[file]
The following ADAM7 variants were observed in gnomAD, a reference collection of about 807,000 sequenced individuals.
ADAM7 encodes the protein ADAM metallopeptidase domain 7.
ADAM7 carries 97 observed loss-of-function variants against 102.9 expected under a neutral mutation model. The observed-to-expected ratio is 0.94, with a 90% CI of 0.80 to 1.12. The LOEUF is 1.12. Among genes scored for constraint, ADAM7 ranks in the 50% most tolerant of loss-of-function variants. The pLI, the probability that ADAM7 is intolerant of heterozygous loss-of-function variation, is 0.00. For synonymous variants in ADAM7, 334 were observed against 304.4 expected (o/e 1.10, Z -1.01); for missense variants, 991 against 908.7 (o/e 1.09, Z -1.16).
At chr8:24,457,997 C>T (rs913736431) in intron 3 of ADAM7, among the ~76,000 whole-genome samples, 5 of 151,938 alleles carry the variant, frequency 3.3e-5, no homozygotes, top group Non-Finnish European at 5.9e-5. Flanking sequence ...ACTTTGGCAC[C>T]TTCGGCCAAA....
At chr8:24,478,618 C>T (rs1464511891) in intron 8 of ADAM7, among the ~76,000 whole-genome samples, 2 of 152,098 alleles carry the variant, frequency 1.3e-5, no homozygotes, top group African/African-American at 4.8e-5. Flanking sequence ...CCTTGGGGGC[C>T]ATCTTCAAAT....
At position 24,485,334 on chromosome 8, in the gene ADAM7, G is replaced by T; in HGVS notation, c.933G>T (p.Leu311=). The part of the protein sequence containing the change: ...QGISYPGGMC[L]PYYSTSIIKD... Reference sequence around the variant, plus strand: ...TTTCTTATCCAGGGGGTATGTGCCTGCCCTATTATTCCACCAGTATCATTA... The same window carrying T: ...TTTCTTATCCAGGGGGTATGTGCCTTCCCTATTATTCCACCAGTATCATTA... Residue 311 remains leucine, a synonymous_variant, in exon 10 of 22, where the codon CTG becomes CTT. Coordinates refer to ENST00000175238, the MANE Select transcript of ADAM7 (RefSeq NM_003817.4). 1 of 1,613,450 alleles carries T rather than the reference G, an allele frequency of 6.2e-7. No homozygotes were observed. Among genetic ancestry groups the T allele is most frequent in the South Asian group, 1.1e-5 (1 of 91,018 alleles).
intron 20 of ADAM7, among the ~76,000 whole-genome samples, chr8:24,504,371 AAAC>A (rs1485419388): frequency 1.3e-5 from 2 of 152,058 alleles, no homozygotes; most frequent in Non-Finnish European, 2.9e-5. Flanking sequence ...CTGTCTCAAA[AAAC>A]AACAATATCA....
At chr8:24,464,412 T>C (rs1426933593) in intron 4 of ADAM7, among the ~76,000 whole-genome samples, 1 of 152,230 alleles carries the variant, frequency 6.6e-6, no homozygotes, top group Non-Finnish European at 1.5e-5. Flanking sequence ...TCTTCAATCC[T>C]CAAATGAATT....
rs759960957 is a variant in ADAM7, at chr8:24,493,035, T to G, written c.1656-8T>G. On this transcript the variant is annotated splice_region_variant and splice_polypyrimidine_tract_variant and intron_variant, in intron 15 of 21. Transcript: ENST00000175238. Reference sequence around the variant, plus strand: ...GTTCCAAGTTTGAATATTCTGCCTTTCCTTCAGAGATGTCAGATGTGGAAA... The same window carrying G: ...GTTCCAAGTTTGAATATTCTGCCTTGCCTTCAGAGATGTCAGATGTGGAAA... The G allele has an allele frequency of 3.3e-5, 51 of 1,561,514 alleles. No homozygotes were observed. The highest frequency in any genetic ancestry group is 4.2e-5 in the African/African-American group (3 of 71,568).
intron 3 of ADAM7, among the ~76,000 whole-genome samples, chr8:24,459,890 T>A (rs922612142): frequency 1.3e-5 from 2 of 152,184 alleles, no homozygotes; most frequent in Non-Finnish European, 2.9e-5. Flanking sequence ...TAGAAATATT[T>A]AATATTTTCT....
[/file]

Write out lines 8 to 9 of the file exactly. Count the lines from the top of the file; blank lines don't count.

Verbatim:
At chr8:24,464,412 T>C (rs1426933593) in intron 4 of ADAM7, among the ~76,000 whole-genome samples, 1 of 152,230 alleles carries the variant, frequency 6.6e-6, no homozygotes, top group Non-Finnish European at 1.5e-5. Flanking sequence ...TCTTCAATCC[T>C]CAAATGAATT....
rs759960957 is a variant in ADAM7, at chr8:24,493,035, T to G, written c.1656-8T>G. On this transcript the variant is annotated splice_region_variant and splice_polypyrimidine_tract_variant and intron_variant, in intron 15 of 21. Transcript: ENST00000175238. Reference sequence around the variant, plus strand: ...GTTCCAAGTTTGAATATTCTGCCTTTCCTTCAGAGATGTCAGATGTGGAAA... The same window carrying G: ...GTTCCAAGTTTGAATATTCTGCCTTGCCTTCAGAGATGTCAGATGTGGAAA... The G allele has an allele frequency of 3.3e-5, 51 of 1,561,514 alleles. No homozygotes were observed. The highest frequency in any genetic ancestry group is 4.2e-5 in the African/African-American group (3 of 71,568).